Tuesday, August 18, 2009

Buttermilk-brined southern-fried chicken gizzards

For some of you, I know, this is standard fare--nothing worth blogging about, particularly since it isn't my recipe. But for me this is exotic ethnic fare and one step closer to my unfulfilled pledge to eat more offal.

Also, I don't think I've ever soaked chicken in buttermilk before--the recipe calls it a brine, but there's no salt so it's just a soak--even though it's a standard Southern technique. There seem to be a few different reasons to do so. The acid in the buttermilk tenderizes chicken and, a lot of recipes say, keeps it moist. Those both seem logical enough. Acid breaks down tough proteins; Normal meat might get mushy, but tough meat gets tender. And soaking in any water-based liquid plumps up meat which lets it stay moist through cooking. Gizzards can use the help in both regards, but for a whole chicken, these days it's tough to find the old well-exercised birds would need this sort of processing.

A lot of places also say that a buttermilk soak makes the breading extra crispy. That doesn't make a lick of sense, but it does work and I think I've figured out why.

[If you'd like a bit more information, later I tried prepping the gizzards by simmering instead and compared the results. That post is here.]

The recipe I used called for soaking one pound of chicken gizzards and a coarsely chopped small onion in buttermilk to cover (maybe a cup and a half) for a day or two. I did two only because it was too hot in the kitchen the first evening.

After the soak, I drained but didn't rinse the gizzards and cut them into pieces about an inch across, removing the sinew-iest bits.

For the breading, there's an egg dip and then a simple seasoned flour coating: 1 cup flour, plenty of salt and spices of choice. My choice was Gullah Cuisine's Fried Chicken Seasoning. The recipe suggests Old Bay which could be interesting, too.

And then deep frying at 350 degrees for two to three minutes. I did a rather better job of regulating my oil temperature this time than I usually do so I'm quite pleased with that.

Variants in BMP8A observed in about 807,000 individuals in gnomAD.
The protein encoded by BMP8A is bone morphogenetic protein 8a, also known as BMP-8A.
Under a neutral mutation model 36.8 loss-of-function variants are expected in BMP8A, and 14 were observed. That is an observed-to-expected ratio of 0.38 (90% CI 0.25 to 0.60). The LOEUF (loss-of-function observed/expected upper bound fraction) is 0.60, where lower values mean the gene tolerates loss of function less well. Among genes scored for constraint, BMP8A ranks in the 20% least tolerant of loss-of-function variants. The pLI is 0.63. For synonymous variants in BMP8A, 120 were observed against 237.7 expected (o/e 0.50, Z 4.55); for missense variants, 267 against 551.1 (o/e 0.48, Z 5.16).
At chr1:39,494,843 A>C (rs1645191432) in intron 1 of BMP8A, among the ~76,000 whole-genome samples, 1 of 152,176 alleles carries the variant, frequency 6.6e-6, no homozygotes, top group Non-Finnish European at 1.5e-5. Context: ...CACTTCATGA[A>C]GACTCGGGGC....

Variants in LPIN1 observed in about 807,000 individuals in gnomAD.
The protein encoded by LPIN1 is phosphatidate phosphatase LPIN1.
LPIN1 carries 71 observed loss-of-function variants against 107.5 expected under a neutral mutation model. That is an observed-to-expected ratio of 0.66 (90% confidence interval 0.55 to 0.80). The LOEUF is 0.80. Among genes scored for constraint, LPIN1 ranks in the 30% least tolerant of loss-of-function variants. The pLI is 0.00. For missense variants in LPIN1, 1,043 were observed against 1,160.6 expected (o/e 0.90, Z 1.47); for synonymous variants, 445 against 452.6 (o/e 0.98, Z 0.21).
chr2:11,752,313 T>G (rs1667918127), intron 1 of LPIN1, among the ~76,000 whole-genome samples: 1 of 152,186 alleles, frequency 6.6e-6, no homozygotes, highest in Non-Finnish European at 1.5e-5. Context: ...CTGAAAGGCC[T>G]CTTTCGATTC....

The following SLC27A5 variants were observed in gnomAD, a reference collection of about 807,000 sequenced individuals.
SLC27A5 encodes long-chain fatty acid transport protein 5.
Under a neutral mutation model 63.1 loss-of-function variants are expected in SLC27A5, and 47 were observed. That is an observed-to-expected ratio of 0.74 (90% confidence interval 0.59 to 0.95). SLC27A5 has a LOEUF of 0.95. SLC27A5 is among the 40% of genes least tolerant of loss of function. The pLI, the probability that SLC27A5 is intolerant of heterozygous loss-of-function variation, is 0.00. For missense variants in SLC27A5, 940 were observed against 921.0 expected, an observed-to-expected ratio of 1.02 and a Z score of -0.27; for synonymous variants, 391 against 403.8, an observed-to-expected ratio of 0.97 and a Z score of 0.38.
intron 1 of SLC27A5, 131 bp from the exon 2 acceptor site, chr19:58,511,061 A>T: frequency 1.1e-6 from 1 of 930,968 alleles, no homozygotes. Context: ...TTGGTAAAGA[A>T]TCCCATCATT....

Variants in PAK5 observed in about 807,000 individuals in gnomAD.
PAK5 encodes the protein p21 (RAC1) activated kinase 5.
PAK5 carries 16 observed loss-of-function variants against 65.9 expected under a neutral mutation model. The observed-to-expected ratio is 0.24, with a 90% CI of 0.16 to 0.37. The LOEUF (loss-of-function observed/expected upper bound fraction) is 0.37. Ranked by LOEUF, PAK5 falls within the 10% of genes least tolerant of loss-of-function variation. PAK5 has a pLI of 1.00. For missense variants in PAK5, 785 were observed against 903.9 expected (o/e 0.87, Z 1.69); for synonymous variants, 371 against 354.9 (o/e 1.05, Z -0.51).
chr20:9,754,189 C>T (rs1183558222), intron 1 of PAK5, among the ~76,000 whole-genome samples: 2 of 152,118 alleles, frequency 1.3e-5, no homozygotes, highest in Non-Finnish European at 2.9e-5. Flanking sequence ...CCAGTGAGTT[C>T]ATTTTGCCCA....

Here are the results--perfectly golden brown, crispy, spicy, chewy--but not too chewy--meaty, slightly gamy and slightly tangy. Yummy. In most fried chicken, the meat has a hard time competing with a highly flavored breading, but the gizzards definitely hold their own and the combination of flavors is very nice.

You can see the lovely knobbly crust. That's the extra-crispy crust from the buttermilk. Specifically, it's from the excess egg-and-buttermilk mixture that dripped into the flour as I breaded the gizzards. Because the buttermilk is thicker than standard milk and certainly much thicker than a watery brine, you get nice cohesive little lumps of batter instead of just generally wet flour. The later the batch, the more lumps adhered to the meat with more crispy flaky convolutions on the final product. Luckily, there was plenty of the breading left, so I'm keeping the leftovers in the refrigerator as a head start for the next time. Do other people do that? I don't think I've heard of anyone doing that.


kat said...

Oh my gosh those do look really tasty! I soak chicken in buttermilk when I'm going to bake it breaded in the oven & it does seem to make a big difference

billjac said...

What sort of difference does it make? Does it do anything for crispiness or just tenderization?

Elizabeth Herron said...

Thank you for these tips. The last time I made fried gizzards they were too tough. I am going to soak my gizzards tonight and make them Wednesday. Love your blog!

Kari said...

I'm making these for the fourth or fifth time after discovering this recipe last year. I love this dish, it always comes out great. Thank you!